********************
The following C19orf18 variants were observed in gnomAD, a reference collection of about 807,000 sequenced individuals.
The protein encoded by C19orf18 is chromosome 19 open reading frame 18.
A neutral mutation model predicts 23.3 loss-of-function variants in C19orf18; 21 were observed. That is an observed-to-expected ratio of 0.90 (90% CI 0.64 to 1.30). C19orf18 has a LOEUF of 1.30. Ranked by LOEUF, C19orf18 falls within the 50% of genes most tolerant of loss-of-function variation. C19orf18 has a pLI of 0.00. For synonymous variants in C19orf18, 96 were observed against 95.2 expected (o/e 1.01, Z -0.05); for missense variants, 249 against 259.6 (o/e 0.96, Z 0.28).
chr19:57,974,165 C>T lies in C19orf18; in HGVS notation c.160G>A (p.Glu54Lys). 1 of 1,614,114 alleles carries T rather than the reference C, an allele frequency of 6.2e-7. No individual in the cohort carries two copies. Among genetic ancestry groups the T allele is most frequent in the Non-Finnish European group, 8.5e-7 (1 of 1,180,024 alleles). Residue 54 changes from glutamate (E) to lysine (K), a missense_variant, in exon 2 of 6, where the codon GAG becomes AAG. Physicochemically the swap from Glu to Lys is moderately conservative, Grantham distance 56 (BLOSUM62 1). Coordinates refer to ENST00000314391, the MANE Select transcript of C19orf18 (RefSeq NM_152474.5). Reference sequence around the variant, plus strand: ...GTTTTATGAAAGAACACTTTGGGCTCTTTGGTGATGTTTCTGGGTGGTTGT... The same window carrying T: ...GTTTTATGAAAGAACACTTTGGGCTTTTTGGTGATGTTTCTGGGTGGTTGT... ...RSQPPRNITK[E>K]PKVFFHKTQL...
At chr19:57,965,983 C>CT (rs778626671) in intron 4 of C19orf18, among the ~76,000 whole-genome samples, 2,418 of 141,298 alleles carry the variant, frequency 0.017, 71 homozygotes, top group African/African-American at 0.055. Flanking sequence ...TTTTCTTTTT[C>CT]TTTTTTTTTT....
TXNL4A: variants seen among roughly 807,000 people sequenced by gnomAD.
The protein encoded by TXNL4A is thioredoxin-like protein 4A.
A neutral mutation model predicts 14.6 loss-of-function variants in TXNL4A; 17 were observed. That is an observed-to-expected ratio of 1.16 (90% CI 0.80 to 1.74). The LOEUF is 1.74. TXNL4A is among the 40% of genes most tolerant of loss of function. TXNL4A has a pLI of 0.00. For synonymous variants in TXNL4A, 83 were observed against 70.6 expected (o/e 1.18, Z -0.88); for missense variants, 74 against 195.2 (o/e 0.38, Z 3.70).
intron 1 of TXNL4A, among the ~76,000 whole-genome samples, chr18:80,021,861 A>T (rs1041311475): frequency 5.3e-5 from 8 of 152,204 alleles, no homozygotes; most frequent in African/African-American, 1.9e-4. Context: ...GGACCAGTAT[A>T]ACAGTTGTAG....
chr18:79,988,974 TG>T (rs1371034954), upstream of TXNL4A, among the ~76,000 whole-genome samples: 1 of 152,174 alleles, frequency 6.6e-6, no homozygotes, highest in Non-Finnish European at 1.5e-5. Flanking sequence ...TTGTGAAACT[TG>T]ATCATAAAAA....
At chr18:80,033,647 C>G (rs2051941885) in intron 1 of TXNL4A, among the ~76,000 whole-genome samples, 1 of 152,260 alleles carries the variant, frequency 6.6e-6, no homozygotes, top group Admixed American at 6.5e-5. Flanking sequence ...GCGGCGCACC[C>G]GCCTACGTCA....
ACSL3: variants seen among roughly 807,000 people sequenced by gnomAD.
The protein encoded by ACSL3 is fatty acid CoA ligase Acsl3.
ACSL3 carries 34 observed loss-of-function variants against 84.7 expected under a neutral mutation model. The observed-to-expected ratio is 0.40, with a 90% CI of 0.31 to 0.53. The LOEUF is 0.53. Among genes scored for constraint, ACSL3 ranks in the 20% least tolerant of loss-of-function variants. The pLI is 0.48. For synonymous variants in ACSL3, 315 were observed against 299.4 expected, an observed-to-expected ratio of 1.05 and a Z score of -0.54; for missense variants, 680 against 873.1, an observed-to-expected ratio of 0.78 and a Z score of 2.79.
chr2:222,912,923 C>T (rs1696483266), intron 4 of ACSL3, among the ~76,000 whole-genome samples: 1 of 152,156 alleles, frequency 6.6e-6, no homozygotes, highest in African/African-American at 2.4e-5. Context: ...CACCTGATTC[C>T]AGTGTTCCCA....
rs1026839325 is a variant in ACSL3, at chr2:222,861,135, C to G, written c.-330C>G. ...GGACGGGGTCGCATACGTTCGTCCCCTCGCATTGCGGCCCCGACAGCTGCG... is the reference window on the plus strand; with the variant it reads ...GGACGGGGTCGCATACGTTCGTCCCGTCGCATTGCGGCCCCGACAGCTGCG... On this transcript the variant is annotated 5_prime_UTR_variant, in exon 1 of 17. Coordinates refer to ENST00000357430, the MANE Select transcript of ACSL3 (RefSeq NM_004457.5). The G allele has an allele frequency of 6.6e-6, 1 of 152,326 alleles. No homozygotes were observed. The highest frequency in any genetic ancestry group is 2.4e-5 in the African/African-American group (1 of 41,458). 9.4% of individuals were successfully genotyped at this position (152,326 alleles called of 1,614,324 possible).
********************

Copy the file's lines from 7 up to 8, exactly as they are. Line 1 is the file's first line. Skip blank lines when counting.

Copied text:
The protein encoded by TXNL4A is thioredoxin-like protein 4A.
A neutral mutation model predicts 14.6 loss-of-function variants in TXNL4A; 17 were observed. That is an observed-to-expected ratio of 1.16 (90% CI 0.80 to 1.74). The LOEUF is 1.74. TXNL4A is among the 40% of genes most tolerant of loss of function. TXNL4A has a pLI of 0.00. For synonymous variants in TXNL4A, 83 were observed against 70.6 expected (o/e 1.18, Z -0.88); for missense variants, 74 against 195.2 (o/e 0.38, Z 3.70).